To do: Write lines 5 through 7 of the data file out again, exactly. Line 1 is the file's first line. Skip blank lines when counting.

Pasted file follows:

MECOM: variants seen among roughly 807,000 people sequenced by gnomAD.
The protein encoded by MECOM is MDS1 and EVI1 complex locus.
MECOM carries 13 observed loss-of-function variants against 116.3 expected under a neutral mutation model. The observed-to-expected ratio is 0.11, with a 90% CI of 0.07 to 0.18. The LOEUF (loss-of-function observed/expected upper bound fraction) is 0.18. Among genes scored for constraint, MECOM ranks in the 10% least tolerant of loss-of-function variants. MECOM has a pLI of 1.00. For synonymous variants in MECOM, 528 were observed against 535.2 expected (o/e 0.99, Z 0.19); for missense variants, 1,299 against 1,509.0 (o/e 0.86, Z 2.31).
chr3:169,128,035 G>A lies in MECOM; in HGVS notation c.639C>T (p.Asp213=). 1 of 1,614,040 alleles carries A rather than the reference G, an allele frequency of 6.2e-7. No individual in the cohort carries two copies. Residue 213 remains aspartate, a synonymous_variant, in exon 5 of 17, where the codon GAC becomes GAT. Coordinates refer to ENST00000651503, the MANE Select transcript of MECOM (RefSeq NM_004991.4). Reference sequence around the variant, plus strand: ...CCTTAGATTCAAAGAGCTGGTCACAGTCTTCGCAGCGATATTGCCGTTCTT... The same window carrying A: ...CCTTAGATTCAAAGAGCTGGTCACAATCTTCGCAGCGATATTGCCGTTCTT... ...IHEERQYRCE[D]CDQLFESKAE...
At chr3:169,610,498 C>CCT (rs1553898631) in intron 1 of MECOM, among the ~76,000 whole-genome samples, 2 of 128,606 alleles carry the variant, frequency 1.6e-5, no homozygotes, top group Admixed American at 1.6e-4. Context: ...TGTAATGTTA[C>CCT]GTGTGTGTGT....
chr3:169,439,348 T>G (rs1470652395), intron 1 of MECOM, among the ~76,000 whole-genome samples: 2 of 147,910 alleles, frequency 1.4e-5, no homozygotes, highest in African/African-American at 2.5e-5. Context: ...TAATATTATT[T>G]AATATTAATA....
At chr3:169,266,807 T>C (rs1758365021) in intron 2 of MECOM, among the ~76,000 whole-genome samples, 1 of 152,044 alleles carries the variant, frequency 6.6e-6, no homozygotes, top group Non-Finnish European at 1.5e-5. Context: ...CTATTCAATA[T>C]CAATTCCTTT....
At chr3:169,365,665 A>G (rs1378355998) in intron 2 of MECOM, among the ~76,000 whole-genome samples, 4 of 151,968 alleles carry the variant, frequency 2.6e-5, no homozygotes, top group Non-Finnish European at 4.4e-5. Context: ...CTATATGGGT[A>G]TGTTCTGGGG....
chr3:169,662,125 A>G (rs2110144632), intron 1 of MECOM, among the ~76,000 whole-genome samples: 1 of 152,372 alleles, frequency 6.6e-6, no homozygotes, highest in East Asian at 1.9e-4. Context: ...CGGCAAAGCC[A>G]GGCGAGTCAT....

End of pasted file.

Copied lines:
At chr3:169,610,498 C>CCT (rs1553898631) in intron 1 of MECOM, among the ~76,000 whole-genome samples, 2 of 128,606 alleles carry the variant, frequency 1.6e-5, no homozygotes, top group Admixed American at 1.6e-4. Context: ...TGTAATGTTA[C>CCT]GTGTGTGTGT....
chr3:169,439,348 T>G (rs1470652395), intron 1 of MECOM, among the ~76,000 whole-genome samples: 2 of 147,910 alleles, frequency 1.4e-5, no homozygotes, highest in African/African-American at 2.5e-5. Context: ...TAATATTATT[T>G]AATATTAATA....
At chr3:169,266,807 T>C (rs1758365021) in intron 2 of MECOM, among the ~76,000 whole-genome samples, 1 of 152,044 alleles carries the variant, frequency 6.6e-6, no homozygotes, top group Non-Finnish European at 1.5e-5. Context: ...CTATTCAATA[T>C]CAATTCCTTT....